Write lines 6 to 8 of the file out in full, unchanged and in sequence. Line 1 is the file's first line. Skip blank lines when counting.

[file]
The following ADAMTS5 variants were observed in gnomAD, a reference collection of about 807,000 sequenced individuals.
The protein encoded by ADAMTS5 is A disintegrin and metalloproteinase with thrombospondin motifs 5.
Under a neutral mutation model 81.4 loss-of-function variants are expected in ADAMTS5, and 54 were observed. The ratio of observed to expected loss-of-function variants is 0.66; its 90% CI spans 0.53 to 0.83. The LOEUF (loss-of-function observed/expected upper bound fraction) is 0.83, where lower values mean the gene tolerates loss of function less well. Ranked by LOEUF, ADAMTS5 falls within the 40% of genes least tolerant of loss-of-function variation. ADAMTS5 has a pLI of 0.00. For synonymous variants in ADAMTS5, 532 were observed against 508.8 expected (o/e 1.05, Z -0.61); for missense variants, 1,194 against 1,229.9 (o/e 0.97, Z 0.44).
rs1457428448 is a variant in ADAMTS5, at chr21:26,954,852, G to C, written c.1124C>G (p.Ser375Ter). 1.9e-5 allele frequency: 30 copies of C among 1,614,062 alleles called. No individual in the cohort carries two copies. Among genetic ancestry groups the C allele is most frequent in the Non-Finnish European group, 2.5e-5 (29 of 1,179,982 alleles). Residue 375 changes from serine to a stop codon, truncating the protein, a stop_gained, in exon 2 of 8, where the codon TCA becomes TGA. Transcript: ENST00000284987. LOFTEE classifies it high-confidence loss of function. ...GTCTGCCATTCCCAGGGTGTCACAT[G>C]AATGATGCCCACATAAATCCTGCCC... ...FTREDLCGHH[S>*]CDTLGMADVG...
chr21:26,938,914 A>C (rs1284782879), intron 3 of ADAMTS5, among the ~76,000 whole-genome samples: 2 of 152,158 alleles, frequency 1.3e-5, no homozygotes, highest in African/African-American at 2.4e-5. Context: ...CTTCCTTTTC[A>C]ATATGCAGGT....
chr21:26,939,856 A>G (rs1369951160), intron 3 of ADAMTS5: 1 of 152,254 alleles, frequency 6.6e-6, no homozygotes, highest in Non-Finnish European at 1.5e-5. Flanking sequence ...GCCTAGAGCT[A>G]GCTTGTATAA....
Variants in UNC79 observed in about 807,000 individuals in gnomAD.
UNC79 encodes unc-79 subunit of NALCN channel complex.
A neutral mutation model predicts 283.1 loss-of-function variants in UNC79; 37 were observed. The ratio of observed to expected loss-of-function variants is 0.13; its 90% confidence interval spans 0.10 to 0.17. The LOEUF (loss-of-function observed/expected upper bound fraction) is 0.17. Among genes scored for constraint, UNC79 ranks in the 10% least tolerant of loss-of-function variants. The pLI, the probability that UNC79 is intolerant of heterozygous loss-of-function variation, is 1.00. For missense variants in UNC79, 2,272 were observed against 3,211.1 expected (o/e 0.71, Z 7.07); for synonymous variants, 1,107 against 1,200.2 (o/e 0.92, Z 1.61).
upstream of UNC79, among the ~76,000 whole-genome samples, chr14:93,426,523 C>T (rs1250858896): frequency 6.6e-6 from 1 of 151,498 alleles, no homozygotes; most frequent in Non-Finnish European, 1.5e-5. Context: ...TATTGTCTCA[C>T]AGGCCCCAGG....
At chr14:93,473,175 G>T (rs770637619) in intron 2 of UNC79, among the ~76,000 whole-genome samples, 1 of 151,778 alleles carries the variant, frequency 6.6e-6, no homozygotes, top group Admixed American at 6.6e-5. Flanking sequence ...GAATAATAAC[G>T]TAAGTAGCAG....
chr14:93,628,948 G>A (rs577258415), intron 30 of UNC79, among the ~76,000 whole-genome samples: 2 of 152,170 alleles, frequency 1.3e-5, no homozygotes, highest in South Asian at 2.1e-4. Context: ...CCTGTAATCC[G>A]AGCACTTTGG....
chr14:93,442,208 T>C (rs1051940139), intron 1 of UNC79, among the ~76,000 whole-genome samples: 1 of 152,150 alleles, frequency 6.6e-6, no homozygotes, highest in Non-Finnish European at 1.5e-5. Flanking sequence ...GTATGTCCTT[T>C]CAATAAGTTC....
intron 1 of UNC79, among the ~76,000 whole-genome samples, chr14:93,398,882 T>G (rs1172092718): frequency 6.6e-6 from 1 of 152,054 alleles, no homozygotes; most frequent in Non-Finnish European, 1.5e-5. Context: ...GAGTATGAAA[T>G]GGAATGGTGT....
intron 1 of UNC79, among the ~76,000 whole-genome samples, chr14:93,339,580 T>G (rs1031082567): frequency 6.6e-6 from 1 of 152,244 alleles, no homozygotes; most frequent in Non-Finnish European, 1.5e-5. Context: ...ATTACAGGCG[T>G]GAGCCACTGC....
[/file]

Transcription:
chr21:26,939,856 A>G (rs1369951160), intron 3 of ADAMTS5: 1 of 152,254 alleles, frequency 6.6e-6, no homozygotes, highest in Non-Finnish European at 1.5e-5. Flanking sequence ...GCCTAGAGCT[A>G]GCTTGTATAA....
Variants in UNC79 observed in about 807,000 individuals in gnomAD.
UNC79 encodes unc-79 subunit of NALCN channel complex.